Verizon's next-gen voice service still planned for this year, will come with video calling

Brad Molen
B. Molen|05.20.14

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Verizon's next-gen voice service still planned for this year, will come with video calling
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Verizon and AT&T, the two largest mobile operators in the US, have spent the last couple years in a race to deploy next-generation voice technology known as Voice over LTE (VoLTE). With its announcement last week, AT&T was the first to deploy the fast-speed VoIP network, but don't count Verizon out of the race quite just yet: executives explained to us today that it's still on track for nationwide deployment sometime this year.

Considering AT&T launched VoLTE last week, it appears that Verizon may be experiencing a few setbacks. (Of course, Verizon originally promised its network would be ready by 2012, so we'd argue that setbacks are nothing new for VoLTE deployment.) However, execs pointed out that its competitor's offering is currently limited to just a few markets and devices, whereas Verizon will launch VoLTE nationwide from the very beginning. Nationwide availability will be crucial to the network's success, as calls using the new tech can't fall back to CDMA when you leave LTE coverage.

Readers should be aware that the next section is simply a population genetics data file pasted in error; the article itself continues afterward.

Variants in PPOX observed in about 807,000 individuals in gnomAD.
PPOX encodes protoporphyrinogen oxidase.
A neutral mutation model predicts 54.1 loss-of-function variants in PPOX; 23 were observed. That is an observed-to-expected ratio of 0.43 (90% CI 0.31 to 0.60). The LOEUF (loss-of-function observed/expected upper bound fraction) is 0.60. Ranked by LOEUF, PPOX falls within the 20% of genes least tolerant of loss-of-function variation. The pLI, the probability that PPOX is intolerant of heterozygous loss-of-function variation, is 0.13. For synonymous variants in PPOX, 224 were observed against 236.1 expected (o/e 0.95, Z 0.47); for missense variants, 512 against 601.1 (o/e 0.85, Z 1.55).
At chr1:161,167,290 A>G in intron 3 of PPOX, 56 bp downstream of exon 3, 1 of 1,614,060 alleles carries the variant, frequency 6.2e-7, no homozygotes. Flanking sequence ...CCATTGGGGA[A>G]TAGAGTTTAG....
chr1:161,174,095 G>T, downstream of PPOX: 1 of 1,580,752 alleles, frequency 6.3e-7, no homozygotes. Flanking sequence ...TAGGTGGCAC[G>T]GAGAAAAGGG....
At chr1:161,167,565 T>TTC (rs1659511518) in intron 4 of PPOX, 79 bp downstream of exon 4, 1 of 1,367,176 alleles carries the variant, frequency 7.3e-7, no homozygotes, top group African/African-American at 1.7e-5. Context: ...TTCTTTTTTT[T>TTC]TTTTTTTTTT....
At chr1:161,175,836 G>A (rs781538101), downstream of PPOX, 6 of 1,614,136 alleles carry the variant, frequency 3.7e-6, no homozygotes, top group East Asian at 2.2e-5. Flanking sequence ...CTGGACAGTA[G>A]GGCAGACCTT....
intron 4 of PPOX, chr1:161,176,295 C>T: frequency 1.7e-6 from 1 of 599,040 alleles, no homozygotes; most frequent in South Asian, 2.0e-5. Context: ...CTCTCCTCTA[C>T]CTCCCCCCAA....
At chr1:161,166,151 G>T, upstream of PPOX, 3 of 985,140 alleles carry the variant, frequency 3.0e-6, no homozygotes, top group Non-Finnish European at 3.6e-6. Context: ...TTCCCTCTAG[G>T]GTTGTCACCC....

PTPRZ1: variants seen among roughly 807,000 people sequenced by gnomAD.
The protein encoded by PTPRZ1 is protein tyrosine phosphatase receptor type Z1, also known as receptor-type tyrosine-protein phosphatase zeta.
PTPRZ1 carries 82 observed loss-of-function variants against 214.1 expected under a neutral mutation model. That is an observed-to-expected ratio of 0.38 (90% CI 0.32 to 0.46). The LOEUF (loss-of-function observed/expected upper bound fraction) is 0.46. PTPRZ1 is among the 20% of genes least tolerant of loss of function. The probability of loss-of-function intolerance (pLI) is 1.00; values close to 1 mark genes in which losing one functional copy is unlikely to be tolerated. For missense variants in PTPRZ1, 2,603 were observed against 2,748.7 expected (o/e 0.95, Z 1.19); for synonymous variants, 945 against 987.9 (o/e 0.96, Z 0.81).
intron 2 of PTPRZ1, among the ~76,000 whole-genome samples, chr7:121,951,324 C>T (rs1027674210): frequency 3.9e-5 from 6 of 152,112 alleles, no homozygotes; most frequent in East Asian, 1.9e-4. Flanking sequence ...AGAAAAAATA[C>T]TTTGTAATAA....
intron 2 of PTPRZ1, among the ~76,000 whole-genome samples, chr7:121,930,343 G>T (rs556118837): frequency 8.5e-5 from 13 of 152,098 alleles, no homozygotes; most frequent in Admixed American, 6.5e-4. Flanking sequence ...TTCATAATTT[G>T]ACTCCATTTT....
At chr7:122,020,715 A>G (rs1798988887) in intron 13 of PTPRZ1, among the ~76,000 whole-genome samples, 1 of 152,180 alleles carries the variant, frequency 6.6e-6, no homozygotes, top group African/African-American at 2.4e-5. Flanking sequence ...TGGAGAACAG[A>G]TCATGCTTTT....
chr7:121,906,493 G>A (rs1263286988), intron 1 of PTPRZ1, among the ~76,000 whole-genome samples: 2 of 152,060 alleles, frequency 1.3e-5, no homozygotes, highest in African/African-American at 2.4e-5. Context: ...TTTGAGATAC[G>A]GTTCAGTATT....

Unfortunately, the company won't say specifically when this year we can expect the new network, but we were told that when it's ready, several devices will be VoLTE-capable either through purchase or an over-the-air update. Fortunately, Verizon confirmed that its network will be interoperable with any of its VoLTE-capable competitors -- since you'll only be able to enjoy richer call quality when both callers have compatible devices, this means the service won't be exclusive to in-network conversations.

The company also tells us that it will offer FaceTime-like video calling as soon as VoLTE launches, which means that you'll be able to activate the service directly from your phone's dialer, and you'll be able to easily switch back and forth between video and audio-only calls. Additionally, it'll also launch HD Voice by leveraging AMR-WB, a wide-band speech standard that's already used by T-Mobile for its high-def voice service.

[Image Credit: Getty]

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